Yet the NCA sits in its glittering tower offices in the plush Airport City without saying anything.

We profess to build a better Ghana, we profess to want people to ‘See Ghana’, ‘Wear Ghana’, ‘Eat Ghana’ and so on yet we forget to ‘Think Ghana’ and ‘Create Ghana’  
What is the government’s policy on local content vis a vis foreign content? In Nigeria, you Cannot show those telenovelas on TV…you dare not.

 You will be shut down. Here we are taking in everything foreign, everything western, everything overseas and forget our own.

 And we are a very happy bunch doing so.

I doff my hat to Kwame Despite for starting something we thought was not possible.

 A local TV platform. Even though the plot has been lost in my opinion by UTV, at least, he started a TV revolution and must be commended.

 Others have followed his lead and are also doing what he did.   

Understand

Media owners must understand that the business of television is a serious one.

 It is not about you the owner, it is about the viewer.

Viewers will hook on to your network if you give them what they yearn for.

They will still watch you if you force feed them with junk.

Be prepared ,however, to die a slow death because the junk you feed them with will either kill your network or make it limp on one leg.

I love TV3 for one reason. They created a niche for themselves in reality programming and stuck to it.

They do not profess to be the best but we know that when it come to reality programmes in Ghana, they are the best.

No one can beat GTV for authentic news.

 As old as she may be, with a little tweak here and there, GBC will overcome all odds.

 She still gives us the authentic Ghanaian content she creates.

 Top talk shows, drama in local languages and off course the News at 7. Metro TV was loved for Sports.

 They need to return to their first love. They have changed a great deal.

The look and feel of the station is better, the visuals are clearer and they have some really good content.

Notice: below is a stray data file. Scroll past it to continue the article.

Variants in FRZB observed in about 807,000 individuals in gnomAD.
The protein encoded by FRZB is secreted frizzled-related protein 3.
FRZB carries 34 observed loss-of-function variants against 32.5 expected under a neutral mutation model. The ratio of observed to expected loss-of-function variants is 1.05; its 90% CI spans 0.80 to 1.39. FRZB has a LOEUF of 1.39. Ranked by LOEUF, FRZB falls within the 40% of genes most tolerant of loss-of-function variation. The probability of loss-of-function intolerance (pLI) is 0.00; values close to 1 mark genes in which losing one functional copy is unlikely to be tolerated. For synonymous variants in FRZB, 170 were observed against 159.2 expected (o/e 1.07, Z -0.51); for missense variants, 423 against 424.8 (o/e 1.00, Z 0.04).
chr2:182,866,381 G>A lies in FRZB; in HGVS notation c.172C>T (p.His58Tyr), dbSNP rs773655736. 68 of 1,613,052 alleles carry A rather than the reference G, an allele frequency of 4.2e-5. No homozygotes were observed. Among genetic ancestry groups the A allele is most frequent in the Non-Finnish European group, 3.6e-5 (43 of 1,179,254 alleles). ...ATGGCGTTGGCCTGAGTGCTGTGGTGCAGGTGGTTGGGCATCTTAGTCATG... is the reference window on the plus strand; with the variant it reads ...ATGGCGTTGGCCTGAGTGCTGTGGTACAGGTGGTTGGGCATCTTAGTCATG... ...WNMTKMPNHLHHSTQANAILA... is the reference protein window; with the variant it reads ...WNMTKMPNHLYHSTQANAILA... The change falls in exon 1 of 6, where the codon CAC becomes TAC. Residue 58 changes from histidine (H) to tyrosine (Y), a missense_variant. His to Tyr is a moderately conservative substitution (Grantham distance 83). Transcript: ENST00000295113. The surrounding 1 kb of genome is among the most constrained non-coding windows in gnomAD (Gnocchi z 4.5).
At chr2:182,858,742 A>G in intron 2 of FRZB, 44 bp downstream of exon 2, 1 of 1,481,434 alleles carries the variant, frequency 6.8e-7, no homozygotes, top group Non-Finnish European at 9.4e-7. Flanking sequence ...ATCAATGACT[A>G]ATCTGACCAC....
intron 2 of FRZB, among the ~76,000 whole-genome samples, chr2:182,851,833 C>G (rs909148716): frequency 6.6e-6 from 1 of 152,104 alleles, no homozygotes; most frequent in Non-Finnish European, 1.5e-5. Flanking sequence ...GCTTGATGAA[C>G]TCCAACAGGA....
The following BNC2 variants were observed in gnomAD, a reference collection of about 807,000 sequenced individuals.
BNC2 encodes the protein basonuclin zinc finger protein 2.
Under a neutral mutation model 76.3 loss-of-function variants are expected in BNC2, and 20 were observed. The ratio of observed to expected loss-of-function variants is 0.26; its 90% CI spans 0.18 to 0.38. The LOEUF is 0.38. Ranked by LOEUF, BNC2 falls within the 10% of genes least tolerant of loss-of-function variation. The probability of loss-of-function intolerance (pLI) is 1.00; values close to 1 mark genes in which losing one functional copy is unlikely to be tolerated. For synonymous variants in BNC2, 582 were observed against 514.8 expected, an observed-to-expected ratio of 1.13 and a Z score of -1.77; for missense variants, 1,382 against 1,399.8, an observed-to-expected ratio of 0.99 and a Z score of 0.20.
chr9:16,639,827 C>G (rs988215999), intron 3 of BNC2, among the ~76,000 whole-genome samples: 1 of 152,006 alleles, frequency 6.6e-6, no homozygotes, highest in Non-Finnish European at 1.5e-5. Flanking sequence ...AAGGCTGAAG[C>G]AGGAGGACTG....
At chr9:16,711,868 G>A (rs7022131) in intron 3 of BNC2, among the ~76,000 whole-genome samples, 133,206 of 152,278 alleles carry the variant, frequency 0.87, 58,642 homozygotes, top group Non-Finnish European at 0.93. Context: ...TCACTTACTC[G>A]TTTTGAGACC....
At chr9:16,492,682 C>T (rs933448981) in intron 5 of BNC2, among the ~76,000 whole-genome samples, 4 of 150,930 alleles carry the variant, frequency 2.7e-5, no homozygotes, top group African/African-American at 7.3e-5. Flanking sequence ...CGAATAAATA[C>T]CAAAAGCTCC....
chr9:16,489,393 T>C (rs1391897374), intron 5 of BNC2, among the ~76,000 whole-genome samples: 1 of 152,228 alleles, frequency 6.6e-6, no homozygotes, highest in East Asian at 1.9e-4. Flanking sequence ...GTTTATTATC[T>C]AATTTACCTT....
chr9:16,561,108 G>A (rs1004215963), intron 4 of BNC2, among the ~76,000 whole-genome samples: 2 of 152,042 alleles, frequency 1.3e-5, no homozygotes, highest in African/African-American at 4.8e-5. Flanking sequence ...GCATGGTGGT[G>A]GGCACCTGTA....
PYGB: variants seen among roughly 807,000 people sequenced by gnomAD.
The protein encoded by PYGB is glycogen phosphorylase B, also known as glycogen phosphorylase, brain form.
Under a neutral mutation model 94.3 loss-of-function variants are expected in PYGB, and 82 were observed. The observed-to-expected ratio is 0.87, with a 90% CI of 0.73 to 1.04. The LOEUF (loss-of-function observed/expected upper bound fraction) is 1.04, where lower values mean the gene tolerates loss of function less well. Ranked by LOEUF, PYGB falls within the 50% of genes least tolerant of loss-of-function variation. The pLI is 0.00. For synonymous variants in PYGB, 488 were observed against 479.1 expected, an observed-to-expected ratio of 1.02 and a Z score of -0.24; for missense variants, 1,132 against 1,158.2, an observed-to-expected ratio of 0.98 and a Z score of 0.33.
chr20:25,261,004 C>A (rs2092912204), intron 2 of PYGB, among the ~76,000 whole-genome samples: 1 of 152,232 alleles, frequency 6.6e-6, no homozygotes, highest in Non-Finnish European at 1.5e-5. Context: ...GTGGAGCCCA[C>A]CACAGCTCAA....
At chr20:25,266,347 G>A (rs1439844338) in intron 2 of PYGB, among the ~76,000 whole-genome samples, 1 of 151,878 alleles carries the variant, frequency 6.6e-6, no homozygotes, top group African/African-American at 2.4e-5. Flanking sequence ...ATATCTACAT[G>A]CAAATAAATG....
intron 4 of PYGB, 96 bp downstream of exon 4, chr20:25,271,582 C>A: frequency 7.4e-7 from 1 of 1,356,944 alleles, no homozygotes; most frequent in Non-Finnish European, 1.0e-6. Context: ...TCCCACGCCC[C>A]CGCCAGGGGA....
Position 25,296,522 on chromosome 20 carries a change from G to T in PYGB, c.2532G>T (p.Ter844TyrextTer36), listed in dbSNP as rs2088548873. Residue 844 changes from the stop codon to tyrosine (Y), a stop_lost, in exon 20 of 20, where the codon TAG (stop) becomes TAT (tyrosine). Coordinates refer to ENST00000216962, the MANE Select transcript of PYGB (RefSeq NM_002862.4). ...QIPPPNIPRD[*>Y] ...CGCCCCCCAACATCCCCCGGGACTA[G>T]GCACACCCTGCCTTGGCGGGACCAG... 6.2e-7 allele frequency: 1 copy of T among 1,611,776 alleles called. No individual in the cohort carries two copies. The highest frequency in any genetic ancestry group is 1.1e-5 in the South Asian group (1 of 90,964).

Two programmes stand out for Metro TV, Good Morning Ghana and Good Evening Ghana.
 
So, what about all the others? TV Africa needs a wake-up call.

 Within three years, many of the digital stations will fold up because they lack content.

 My advice to all media owners…stay off and allow professionals to help you run the show.
 
Don’t expect returns within the first five years of operating.

The pot from which all stations draw, the advertising pot, is becoming smaller each day.

 Advertisers are looking for new ways, new thinking, new content.

Not the rubbish we import and certainly not the pirated content we show.  

The NCA needs to start biting. You are the regulator, not the dinner partner.

Clean the system and allow for some decency to take hold of our screens.

  I cannot fathom why we all sit quietly and think all’s good.

Some will say that foreign content is cheap and easily available, maybe that is true but if we do not empower local producers to provide good quality local content, we risk losing out in the long run.

 Many countries developed on locally produced content.

Nigeria is a classic example of how local content can transcend borders and sell the country to the world.

We have to as a matter of urgency do same with TV content production in Ghana.
Hmmmmm.

The writer is a Media and Communications Consultant.

Writer’s Telephone: 0541516780